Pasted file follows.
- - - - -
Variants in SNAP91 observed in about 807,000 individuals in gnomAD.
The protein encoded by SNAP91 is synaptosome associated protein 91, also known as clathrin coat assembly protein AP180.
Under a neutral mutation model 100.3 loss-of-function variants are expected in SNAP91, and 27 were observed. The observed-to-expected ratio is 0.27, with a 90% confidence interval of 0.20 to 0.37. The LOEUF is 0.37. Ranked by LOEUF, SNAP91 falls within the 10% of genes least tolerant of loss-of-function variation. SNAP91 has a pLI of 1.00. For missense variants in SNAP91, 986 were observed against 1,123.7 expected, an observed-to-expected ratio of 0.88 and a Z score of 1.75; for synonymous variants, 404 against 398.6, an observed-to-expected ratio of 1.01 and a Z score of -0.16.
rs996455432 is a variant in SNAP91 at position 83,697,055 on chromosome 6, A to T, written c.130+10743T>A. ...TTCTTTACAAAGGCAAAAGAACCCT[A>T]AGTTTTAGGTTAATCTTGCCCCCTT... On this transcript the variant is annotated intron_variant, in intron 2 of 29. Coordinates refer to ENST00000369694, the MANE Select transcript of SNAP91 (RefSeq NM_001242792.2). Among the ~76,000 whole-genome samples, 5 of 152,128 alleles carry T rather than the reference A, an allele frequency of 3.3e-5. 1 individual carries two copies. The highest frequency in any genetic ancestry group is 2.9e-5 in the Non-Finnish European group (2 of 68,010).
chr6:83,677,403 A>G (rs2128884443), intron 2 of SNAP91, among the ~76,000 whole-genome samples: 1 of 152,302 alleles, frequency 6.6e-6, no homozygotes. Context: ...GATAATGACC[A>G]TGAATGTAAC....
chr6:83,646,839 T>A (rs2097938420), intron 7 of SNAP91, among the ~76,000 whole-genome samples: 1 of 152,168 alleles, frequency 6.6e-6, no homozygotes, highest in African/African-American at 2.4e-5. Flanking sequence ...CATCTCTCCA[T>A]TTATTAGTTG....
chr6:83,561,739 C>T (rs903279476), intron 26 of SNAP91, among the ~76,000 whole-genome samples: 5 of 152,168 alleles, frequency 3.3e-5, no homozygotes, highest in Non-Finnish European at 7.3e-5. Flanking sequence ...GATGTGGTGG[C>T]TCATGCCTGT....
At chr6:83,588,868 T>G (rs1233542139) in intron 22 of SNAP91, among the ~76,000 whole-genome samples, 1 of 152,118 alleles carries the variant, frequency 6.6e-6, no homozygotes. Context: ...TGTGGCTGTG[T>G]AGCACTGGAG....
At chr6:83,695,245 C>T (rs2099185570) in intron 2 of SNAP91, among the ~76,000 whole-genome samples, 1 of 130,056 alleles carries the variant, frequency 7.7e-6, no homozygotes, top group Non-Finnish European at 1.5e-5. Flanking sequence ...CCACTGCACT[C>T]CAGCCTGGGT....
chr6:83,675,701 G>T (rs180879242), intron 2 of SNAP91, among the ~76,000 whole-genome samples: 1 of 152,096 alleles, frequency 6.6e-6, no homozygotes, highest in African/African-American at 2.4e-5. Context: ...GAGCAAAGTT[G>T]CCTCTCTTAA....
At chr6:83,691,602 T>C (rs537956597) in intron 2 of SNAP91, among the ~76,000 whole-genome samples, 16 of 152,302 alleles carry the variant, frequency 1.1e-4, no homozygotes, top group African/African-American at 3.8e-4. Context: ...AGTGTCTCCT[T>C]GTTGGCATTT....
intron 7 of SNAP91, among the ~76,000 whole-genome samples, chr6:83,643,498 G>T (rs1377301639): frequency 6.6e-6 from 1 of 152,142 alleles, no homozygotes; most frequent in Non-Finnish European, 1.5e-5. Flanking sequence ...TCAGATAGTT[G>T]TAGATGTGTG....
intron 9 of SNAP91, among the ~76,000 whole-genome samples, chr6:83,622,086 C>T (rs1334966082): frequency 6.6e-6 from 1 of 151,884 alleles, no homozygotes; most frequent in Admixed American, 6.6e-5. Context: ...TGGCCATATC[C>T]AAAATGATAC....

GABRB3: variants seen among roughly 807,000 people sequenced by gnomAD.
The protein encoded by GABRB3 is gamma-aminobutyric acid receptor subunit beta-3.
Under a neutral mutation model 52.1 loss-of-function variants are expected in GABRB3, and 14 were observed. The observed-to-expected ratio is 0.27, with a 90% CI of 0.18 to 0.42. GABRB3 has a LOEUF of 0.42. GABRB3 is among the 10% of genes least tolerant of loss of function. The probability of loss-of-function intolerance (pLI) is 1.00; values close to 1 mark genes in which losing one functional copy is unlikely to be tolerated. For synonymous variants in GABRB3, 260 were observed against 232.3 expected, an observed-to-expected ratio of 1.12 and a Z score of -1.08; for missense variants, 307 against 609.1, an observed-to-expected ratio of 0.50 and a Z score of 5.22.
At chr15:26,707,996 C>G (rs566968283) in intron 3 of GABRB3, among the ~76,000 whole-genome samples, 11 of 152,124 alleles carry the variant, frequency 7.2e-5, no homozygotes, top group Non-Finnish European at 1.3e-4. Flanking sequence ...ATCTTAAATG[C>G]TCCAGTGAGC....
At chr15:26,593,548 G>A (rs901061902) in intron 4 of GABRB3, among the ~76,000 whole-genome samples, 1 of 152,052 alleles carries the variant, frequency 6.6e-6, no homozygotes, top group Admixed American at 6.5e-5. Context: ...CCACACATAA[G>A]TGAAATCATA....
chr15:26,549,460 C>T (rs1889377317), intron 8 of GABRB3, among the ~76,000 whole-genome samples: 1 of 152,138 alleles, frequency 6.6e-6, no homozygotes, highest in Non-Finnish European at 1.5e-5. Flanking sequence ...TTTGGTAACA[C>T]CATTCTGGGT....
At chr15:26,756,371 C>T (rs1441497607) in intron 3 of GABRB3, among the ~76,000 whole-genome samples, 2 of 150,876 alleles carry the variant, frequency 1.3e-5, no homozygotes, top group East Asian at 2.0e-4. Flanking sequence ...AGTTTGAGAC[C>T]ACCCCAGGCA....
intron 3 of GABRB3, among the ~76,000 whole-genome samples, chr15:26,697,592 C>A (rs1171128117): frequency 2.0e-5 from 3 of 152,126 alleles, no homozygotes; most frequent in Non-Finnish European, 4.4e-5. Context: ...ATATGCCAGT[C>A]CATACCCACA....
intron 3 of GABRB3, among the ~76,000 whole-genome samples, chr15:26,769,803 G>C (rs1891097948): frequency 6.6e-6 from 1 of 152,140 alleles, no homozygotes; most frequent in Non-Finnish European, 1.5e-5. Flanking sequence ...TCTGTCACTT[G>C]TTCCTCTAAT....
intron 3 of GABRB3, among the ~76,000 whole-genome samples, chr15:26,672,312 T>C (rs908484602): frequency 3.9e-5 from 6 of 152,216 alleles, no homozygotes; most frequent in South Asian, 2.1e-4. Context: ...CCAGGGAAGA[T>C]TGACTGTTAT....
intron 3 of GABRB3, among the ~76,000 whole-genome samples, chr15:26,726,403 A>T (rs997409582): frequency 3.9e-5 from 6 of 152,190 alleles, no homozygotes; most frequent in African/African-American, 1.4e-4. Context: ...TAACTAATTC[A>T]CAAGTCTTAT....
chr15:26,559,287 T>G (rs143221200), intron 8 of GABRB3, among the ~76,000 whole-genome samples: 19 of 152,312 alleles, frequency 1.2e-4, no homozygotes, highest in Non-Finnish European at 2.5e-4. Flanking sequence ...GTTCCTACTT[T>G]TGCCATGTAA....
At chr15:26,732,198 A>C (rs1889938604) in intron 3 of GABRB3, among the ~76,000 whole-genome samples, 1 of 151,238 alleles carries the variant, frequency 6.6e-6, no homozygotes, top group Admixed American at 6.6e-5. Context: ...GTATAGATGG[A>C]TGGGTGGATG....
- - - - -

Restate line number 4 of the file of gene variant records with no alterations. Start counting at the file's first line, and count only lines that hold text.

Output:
rs996455432 is a variant in SNAP91 at position 83,697,055 on chromosome 6, A to T, written c.130+10743T>A. ...TTCTTTACAAAGGCAAAAGAACCCT[A>T]AGTTTTAGGTTAATCTTGCCCCCTT... On this transcript the variant is annotated intron_variant, in intron 2 of 29. Coordinates refer to ENST00000369694, the MANE Select transcript of SNAP91 (RefSeq NM_001242792.2). Among the ~76,000 whole-genome samples, 5 of 152,128 alleles carry T rather than the reference A, an allele frequency of 3.3e-5. 1 individual carries two copies. The highest frequency in any genetic ancestry group is 2.9e-5 in the Non-Finnish European group (2 of 68,010).